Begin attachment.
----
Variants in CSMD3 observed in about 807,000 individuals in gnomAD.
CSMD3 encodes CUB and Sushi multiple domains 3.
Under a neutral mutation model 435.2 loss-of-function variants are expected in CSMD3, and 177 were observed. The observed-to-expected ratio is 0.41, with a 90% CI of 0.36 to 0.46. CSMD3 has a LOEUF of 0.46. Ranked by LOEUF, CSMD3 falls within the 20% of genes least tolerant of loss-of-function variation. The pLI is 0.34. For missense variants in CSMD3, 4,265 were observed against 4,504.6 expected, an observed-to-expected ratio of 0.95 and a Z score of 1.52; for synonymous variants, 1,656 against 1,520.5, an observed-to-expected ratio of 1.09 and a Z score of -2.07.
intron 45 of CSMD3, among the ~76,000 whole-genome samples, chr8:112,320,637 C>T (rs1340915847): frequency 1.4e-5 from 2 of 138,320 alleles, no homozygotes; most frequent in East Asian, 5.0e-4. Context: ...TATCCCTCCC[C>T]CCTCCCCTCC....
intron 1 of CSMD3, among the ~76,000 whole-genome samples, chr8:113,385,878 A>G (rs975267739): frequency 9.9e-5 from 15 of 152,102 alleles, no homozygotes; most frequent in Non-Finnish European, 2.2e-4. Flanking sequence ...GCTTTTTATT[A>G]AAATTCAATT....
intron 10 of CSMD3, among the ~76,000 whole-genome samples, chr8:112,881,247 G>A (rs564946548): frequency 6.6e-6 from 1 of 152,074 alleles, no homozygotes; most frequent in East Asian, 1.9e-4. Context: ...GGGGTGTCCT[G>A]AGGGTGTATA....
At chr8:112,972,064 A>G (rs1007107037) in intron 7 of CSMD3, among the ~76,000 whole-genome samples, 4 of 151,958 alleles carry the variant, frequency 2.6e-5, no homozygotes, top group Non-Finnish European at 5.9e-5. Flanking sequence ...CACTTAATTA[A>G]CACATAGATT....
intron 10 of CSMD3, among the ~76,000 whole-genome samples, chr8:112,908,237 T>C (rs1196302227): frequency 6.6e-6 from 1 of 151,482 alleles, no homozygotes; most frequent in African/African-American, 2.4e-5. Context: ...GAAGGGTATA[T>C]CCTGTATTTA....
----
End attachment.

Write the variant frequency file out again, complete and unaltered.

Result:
Variants in CSMD3 observed in about 807,000 individuals in gnomAD.
CSMD3 encodes CUB and Sushi multiple domains 3.
Under a neutral mutation model 435.2 loss-of-function variants are expected in CSMD3, and 177 were observed. The observed-to-expected ratio is 0.41, with a 90% CI of 0.36 to 0.46. CSMD3 has a LOEUF of 0.46. Ranked by LOEUF, CSMD3 falls within the 20% of genes least tolerant of loss-of-function variation. The pLI is 0.34. For missense variants in CSMD3, 4,265 were observed against 4,504.6 expected, an observed-to-expected ratio of 0.95 and a Z score of 1.52; for synonymous variants, 1,656 against 1,520.5, an observed-to-expected ratio of 1.09 and a Z score of -2.07.
intron 45 of CSMD3, among the ~76,000 whole-genome samples, chr8:112,320,637 C>T (rs1340915847): frequency 1.4e-5 from 2 of 138,320 alleles, no homozygotes; most frequent in East Asian, 5.0e-4. Context: ...TATCCCTCCC[C>T]CCTCCCCTCC....
intron 1 of CSMD3, among the ~76,000 whole-genome samples, chr8:113,385,878 A>G (rs975267739): frequency 9.9e-5 from 15 of 152,102 alleles, no homozygotes; most frequent in Non-Finnish European, 2.2e-4. Flanking sequence ...GCTTTTTATT[A>G]AAATTCAATT....
intron 10 of CSMD3, among the ~76,000 whole-genome samples, chr8:112,881,247 G>A (rs564946548): frequency 6.6e-6 from 1 of 152,074 alleles, no homozygotes; most frequent in East Asian, 1.9e-4. Context: ...GGGGTGTCCT[G>A]AGGGTGTATA....
At chr8:112,972,064 A>G (rs1007107037) in intron 7 of CSMD3, among the ~76,000 whole-genome samples, 4 of 151,958 alleles carry the variant, frequency 2.6e-5, no homozygotes, top group Non-Finnish European at 5.9e-5. Flanking sequence ...CACTTAATTA[A>G]CACATAGATT....
intron 10 of CSMD3, among the ~76,000 whole-genome samples, chr8:112,908,237 T>C (rs1196302227): frequency 6.6e-6 from 1 of 151,482 alleles, no homozygotes; most frequent in African/African-American, 2.4e-5. Context: ...GAAGGGTATA[T>C]CCTGTATTTA....